Idli in simple terms is like a pillow that you eat. Idli is a steamed lentil dumpling made from fermented batter, that is bland on its own. It is light, yummy and makes a full meal for breakfast or lunch/dinner. My version is an NRI* hack that will be an easy and fuss-free recipe for yummy and fluffy idlis. And no, this is NOT going to use an instant mix or instant anything for that matter. Also will NOT include tiresome grinding that requires industrial strength grinder and/or overheats the grinder.
Ask husband to buy:
This quantity makes about 30 idlis or so.
– Idli rawa: 2 cups
– Urad daal flour: 1 cup
(Instead of the traditional use of urad daal, the flour eliminates the need and hassle to grind. The results are absolutely fluffy idlis)
– Fenugreek (methi) seeds: 1-2 tsp
(These help fermentation process. Internet says it makes the batter healthy by reducing carbs – I have ZERO idea what this even means and how exactly the methi seeds do this!)
– Salt as per taste
Depending on what taste you love more, adjust the proportions below. If you want predominantly coconut chutney flavour then you use more coconut and skip the peanuts. And a predominantly peanut flavoured chutney tastes just as good too.
– Coriander leaves: 1 bunch
– Green chillies: 1 or 2 as per preference
– Ginger peeled: 1 small piece about 1/2 to 1 inch in size
– Roasted soft gram lentil: 1/2 tbsp
– Shelled peanuts: 1-2 tbsp
(You can choose to include only one of the roasted gram or the peanuts)
– Desiccated coconut (fresh or frozen): 2 tbsp
– Cumin seeds: 1 tsp
– Salt: as per taste
This is how we do it:
- Soak idli rawa in enough water so that the whole amount gets just about drowned in water. Do this overnight or for at least 5-6 hours
(Do this in the big food processor jar, which has the blade in place. You will know why in further steps)
- Soak fenugreek seeds in about 1 tbsp water over night in a separate bowl
- After the soaking time is up, grind the fenugreek seeds along with the water that it was soaked in
- Add the ground fenugreek seeds and the 1 cup of urad daal flour to the soaked idli rawa. And mix it all together in the food processor by adding a little water at a time gradually.
(I use the tiny window in the lid of the food processor jar to add water as the processor is still running)
- The grinding will essentially just mix the whole thing into a smooth batter in one swift go. We want the paste to be the consistency where it is not watery and is a little thicker than the pancake batter
(So the soaking in the food-processor jar saves the added task of transferring the soaked idli rawa etc. Ugh.)
- Transfer this mixture in a container and keep it to ferment for about 10-12 hours till you see it fluff up and rise a little.
(Psst, the cheat trick is to watch out for that faint sour smell that fermentation brings)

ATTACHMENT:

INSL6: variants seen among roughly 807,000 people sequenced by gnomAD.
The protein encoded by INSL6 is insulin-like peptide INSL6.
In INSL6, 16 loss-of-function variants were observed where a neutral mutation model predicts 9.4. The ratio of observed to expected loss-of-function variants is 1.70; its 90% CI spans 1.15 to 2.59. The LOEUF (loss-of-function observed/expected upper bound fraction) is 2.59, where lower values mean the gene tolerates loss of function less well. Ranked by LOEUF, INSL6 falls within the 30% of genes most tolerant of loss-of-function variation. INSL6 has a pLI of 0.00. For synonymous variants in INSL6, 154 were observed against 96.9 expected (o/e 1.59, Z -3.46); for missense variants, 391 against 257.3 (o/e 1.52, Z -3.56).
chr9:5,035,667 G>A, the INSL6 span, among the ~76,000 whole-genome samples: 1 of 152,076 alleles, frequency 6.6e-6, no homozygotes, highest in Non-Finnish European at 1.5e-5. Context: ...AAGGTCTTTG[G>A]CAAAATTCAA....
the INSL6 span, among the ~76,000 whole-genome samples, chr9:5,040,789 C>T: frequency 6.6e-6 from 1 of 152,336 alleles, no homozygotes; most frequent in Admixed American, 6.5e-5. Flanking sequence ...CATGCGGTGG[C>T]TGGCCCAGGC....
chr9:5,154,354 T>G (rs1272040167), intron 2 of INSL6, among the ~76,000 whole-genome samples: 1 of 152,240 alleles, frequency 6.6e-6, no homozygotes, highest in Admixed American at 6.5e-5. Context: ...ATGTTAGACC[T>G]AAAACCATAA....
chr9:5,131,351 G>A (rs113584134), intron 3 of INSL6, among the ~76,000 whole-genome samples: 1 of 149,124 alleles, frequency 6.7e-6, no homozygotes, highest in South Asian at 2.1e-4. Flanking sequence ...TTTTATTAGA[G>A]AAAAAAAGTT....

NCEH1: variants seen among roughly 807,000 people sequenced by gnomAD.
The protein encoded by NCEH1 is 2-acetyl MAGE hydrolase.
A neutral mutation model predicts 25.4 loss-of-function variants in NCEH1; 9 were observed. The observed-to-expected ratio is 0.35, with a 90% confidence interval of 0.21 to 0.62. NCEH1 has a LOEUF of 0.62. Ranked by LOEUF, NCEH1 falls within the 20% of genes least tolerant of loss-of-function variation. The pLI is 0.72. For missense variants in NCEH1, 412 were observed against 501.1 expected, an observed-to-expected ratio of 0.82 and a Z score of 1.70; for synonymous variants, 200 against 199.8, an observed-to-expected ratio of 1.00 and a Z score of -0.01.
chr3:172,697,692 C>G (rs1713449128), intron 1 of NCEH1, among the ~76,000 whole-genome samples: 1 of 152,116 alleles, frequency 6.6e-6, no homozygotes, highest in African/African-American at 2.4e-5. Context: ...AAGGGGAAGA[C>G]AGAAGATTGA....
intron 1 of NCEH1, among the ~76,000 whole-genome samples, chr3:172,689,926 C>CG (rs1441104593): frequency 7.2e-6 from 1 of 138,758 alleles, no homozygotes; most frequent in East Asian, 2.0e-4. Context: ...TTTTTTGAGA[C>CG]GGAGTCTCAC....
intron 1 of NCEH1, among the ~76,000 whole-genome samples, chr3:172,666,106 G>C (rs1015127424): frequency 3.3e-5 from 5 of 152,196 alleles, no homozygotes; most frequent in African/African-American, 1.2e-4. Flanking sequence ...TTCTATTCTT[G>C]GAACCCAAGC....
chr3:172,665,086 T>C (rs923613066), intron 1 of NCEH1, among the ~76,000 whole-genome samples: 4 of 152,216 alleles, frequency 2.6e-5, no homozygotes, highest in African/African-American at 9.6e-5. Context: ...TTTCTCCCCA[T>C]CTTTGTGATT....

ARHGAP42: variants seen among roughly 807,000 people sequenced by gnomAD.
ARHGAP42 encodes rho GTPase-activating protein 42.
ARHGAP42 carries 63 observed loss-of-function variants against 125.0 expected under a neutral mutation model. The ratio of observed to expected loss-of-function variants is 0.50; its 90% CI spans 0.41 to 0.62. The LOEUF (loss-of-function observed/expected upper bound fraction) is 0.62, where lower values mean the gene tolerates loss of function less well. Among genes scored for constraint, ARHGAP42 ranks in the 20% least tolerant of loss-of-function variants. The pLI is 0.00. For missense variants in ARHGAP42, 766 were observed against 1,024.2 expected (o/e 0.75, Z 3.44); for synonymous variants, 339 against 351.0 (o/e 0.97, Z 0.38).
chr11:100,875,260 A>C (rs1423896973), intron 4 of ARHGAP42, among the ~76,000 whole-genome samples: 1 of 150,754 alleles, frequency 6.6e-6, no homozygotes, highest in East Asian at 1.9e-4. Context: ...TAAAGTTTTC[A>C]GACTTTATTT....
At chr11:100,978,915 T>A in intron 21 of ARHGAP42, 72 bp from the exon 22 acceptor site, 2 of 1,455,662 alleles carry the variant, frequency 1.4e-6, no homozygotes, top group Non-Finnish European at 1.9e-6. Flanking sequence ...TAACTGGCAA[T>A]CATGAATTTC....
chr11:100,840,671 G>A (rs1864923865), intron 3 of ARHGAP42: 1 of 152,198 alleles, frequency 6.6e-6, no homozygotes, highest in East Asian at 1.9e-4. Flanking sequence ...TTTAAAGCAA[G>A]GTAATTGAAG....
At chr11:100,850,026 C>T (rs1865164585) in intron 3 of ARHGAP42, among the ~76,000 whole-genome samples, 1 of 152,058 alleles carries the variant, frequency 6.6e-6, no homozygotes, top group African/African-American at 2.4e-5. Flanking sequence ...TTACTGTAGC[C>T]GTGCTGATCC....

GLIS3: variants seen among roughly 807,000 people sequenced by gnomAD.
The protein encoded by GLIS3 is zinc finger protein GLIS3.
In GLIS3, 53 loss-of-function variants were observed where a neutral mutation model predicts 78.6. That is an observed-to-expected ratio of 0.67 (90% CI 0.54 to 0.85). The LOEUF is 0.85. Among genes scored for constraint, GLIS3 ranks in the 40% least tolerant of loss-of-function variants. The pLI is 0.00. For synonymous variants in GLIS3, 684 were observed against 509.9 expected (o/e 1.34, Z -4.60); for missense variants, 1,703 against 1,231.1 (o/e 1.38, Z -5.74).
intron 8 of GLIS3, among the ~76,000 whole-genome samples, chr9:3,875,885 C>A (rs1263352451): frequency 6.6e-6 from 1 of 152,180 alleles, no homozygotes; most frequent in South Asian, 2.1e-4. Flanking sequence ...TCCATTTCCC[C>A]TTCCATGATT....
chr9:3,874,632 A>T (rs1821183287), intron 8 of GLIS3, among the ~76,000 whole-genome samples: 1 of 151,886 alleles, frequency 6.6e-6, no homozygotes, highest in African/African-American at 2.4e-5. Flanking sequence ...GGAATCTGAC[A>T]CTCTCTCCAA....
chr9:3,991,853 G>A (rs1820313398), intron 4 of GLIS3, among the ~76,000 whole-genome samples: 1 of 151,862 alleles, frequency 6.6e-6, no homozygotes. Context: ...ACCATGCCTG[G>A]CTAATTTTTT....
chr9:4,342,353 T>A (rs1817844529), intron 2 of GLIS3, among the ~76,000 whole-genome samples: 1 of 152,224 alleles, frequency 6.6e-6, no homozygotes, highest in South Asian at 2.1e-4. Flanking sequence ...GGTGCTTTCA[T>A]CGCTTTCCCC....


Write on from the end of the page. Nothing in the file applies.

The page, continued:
- Fermentation happens quicker in summer and in winters, it takes longer. Keeping the batter in switched off oven helps fermentation too!
- Add salt as per taste after the fermentation is done.
- The batter is ready to start making idlis. Or to keep in the fridge for 3-4 days easily.
- Take an idli stand and grease the pockets in it. Pour the batter in the pockets to fill the pockets up. Pour about 2 cm deep water in the steamer and let it begin boiling. Once it begins boiling, turn the gas to medium heat.
- Put the idli stand inside the steamer and close the lid. Time this to steam for about 12-13 mins. Once that happens, remove the steamer from the flame and let it cool down before you open the lid.
(I wait for about 10 mins and that is about it)
- Take out the stand and scoop out the idlis using a small spoon.
- Make the batter just a little thinner to make dosa* with this batter
(Make the consistency thinner for absolutely thin and crisp dosa)
- If you sprinkle chopped onions+tomatoes+green chillies on to the spread out dosa immediately, that turns into an uttapam*!
- Enjoy the idlis with chutney and/or sambar and/or idli podi*
- Throw all the ingredients for the chutney in a grinding jar. Add just a little water to ease the grinding. Check for consistency and salt and the chutney is ready!
*Non-Resident Indians are notorious for coming-up with short-cut methods that essentially “taint” the conventional methods of cooking Indian dishes. Work smart and not hard, I say.
*Husband dear does not like idli (rolling eyes here) but he does enjoy crispy dosa and uttapam occasionally.
*Sambar is like daal cooked a little differently by adding pumpkin, a few other veggies and a specific mix of spices. Tastes awesome with all the items made from this batter
*Idli podi is a dry powdery mixture that turns into a chutney of sorts when you add a little oil to it. Internet is filled with different variations of its recipe but if you are lazy, the Indian stores now sell a garam masala type version of it too!
Where’s the hygge?
Idli is a healthy, easy and quick breakfast/snack or meal item. The taste is my childhood’s happy memories and love for food all rolled into one. This is actually a classic NRI-friendly recipe for the taste-buds that crave the authentic taste (and despise the half-assed excuse of an “idli mix”) and yet, do not wish to spend hours and effort of going through the traditional steps for preparation.
With my neat trick and method, the grinding hassle is eliminated to only